Breaking through in the Barcelona first-team is never easy, especially for a central midfielder. After all, this is a side who have showcased some of the most technically gifted footballers this planet has ever seen. For Ivan Rakitic, signed by the Catalans last summer for £20m from Sevilla, the pressure to excel was immense. The Croatian had just enjoyed a stellar campaign with the Andulucians, but the step-up required to succeed at the Nou Camp was undeniable.
Luis Suarez, Neymar and Lionel Messi have deservedly exhausted superlatives this season - 121 goals between a trio of players will tend to do that - but praise too must be afforded to Rakitic, the classy playmaker who has proven himself to be a worthy successor to the departed King Xavi.
The rationale behind Rakitic's purchase was simple; he was to provide the work-rate and dynamism not possible for the aging, battle-hardened limbs of Xavi. It has certainly worked too. With Sergio Busquets serving as the unshakable barrier in midfield, while Andres Iniesta continues to flourish in an advanced role, Rakitic is the engine of Barcelona's midfield trio.
However, he is not just there to press and run. Rakitic provides a versatility that has been sorely lacking in the Barca ranks and his ability to alternate between attacking and defensive responsibilities has steadily enhanced his reputation among the Catalan fans, and his manager Luis Enrique.
Not only can he execute the defensive side of the game responsibly, his capacity to bolster attacks has been eye-catching throughout his debut campaign with the newly-crowned Champions of Europe. For example, his goal against Manchester City at the Nou Camp came by way of running the length of the field, busting a gut to latch onto a pass from Messi, before expertly lifting the ball over Joe Hart to score an important goal.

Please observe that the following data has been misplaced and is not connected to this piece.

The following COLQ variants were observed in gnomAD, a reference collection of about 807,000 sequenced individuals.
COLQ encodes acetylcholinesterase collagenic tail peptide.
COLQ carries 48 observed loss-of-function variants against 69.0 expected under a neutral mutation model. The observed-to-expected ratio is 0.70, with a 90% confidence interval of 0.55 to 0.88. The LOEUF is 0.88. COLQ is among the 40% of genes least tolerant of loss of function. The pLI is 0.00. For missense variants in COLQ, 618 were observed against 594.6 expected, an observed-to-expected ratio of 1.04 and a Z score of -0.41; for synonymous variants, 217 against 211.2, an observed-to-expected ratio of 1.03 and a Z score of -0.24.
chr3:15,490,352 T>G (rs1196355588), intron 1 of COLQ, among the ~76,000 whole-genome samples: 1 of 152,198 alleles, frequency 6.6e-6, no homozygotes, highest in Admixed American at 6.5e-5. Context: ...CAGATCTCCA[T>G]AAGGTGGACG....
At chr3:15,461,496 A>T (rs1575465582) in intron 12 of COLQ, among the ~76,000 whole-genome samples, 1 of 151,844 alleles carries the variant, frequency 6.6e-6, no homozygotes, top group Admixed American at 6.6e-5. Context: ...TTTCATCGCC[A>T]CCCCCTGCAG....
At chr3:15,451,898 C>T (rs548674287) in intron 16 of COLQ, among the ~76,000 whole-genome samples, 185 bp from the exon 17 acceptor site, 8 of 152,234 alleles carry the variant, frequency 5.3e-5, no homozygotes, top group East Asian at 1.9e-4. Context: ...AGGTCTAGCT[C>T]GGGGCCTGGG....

Determination, presence of mind, quality in the final third; these are all characteristics that have exalted Rakitic's first season with Barcelona and are exactly why many have tipped him to succeed for many years, now that Xavi has left for the Middle East.
Earlier in the season, Enrique chose to drop Rakitic from the starting line-up for the El Clasico, instead opting for the vast experience of Xavi and Iniesta. However, Madrid's energy proved slightly overwhelming for the masterly duo of tiki-taka and Carlo Ancelotti's men ran out 3-1 winners at the Bernabeu. Then, Rakitic remained on the bench for Barca's home game with Malaga, which they lost 1-0. It became increasingly obvious that, without Rakitic's indefatigable presence in the middle, Barca lacked balance and incision.
Realising this, Enrique installed him for the game with Granada, which saw him score and stand-out in a superbly composed performance. Since Christmas, Rakitic has been virtually ever-present in the starting eleven. His burgeoning confidence has helped him establish an identity in Enrique's Barcelona and has played a key role in Barca's dominance over the closing months of the season.
The Croatian is 27 and has gathered a cultured understanding of football from playing in the Bundesliga with Schalke and his time with Sevilla. His instinct is to charge forward and instigate attacks - his penchant for a neat one-two is a particularly eye-catching facet of his artillery - but his selflessness in covering team-mates, as they pour forward, earns him even more praise.
The Champions League final against Juventus was a microcosm of these altruistic attributes. Rakitic showed his awareness of when to attack when he dashed into the Bianconeri penalty area and slotted home the opening goal, setting the train in motion for Barca's historic night. However, as Barca continued to press forward, Rakitic could often be seen on the edge of your screen, protecting the back four, sitting deep and sensing potential counter-attacks from the Italians.
It is exactly this tactical equanimity that has turned him into a vital cog in the Barcelona machine and the beating heart of Lucho's midfield. With Rakitic patrolling the channels, Thiago Alcantara and Cesc Fabregas are but as distant memory inside the Nou Camp, while life post-Xavi does not appear as disquieting anymore.
When Rakitic signed last summer, there was - perhaps understandably - decidedly muted amount of fanfare, behind the glamorous acquisition of Suarez. However, during Barcelona's spectacular Champions League celebrations, Rakitic took to the microphone and said that he now feels at home in Catalonia. The fans, packed inside their beautifully-lit stadium, roared with approval.
Rakitic now feels at home, and the Barcelona fans are ecstatic to share the passion with him.
For more fan views or to join the conversation visit www.90min.com